Publishing Partner: Cambridge University Press CUP Extra Wiley-Blackwell Publisher Login
amazon logo
More Info


New from Oxford University Press!

ad

Latin: A Linguistic Introduction

By Renato Oniga and Norma Shifano

Applies the principles of contemporary linguistics to the study of Latin and provides clear explanations of grammatical rules alongside diagrams to illustrate complex structures.


New from Cambridge University Press!

ad

The Ancient Language, and the Dialect of Cornwall, with an Enlarged Glossary of Cornish Provincial Words

By Frederick W.P. Jago

Containing around 3,700 dialect words from both Cornish and English,, this glossary was published in 1882 by Frederick W. P. Jago (1817–92) in an effort to describe and preserve the dialect as it too declined and it is an invaluable record of a disappearing dialect and way of life.


New from Brill!

ad

Linguistic Bibliography for the Year 2013

The Linguistic Bibliography is by far the most comprehensive bibliographic reference work in the field. This volume contains up-to-date and extensive indexes of names, languages, and subjects.


Academic Paper


Title: Interpreting Recasts as Linguistic Evidence: The Roles of Linguistic Target, Length, and Degree of Change
Author: Takako Egi
Institution: University of Florida
Linguistic Field: Discourse Analysis; Language Acquisition
Abstract: Researchers have claimed that recasts might be ambiguous as feedback. Because recasts serve a dual function, as both feedback and conversational response, learners might not always interpret them as feedback (e.g., Lyster & Ranta, 1997). This study explores how learners interpret recasts they notice (as responses to content, negative evidence, positive evidence, or a combination of negative and positive evidence) and how recast features (linguistic targets, length, number of changes) might affect their interpretations. Forty-nine learners of Japanese engaged in task-based activities during which they received recasts of morphosyntactic and lexical errors. When learners noticed recasts, they occasionally interpreted them as responses to content, particularly when recasts were long and substantially different from their problematic utterances. In contrast, learners were significantly more likely to attend to the linguistic evidence in recasts when these were short and closely resembled the original utterances. These patterns were generally observed for both morphosyntactic and lexical recasts. Results suggest that length and number of changes might, in part, determine the explicitness of recasts as feedback and thus affect learners' abilities to interpret them as such.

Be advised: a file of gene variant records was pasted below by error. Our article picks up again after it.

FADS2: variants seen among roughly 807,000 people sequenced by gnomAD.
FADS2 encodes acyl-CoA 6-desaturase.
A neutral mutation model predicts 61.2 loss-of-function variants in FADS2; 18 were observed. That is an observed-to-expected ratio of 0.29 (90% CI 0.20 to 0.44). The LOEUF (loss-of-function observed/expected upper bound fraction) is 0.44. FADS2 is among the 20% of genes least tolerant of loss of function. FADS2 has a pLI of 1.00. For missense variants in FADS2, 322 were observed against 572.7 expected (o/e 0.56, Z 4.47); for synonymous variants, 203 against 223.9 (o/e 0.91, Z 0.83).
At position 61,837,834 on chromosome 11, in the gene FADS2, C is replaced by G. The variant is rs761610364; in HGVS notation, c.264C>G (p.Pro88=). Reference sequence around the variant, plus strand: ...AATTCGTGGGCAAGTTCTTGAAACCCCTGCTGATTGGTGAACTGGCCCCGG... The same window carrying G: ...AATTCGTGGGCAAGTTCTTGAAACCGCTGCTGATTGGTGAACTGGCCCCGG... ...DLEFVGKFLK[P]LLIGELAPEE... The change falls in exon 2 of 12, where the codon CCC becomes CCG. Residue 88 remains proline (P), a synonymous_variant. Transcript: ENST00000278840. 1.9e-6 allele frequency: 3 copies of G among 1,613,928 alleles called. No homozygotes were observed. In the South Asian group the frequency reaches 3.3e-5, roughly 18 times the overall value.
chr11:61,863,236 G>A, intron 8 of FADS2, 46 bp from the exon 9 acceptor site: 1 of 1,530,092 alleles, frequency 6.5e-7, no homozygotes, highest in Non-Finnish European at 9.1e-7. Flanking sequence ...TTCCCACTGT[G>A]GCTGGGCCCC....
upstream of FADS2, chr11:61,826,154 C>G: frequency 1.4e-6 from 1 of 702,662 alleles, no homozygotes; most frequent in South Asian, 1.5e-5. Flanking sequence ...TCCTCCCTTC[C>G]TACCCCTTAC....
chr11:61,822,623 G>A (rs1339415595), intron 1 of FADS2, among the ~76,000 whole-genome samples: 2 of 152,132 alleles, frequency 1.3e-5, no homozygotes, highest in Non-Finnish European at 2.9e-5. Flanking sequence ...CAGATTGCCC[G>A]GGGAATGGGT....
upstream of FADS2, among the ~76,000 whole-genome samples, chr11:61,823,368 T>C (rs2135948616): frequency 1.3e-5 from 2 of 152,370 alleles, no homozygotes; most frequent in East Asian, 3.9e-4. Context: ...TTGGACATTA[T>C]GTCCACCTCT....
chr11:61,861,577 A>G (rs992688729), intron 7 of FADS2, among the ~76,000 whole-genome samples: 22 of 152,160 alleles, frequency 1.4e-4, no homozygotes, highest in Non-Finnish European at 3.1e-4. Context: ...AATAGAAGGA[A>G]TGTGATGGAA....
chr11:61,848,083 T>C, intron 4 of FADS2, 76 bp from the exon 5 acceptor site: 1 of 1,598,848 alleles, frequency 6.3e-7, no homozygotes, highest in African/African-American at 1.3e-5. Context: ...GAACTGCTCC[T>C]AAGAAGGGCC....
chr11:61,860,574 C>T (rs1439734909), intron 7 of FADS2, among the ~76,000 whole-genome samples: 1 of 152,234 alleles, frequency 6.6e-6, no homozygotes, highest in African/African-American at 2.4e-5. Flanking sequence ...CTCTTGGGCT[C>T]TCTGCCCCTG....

CUP at LINGUIST

This article appears in Studies in Second Language Acquisition Vol. 29, Issue 4, which you can read on Cambridge's site or on LINGUIST .



Back
Add a new paper
Return to Academic Papers main page
Return to Directory of Linguists main page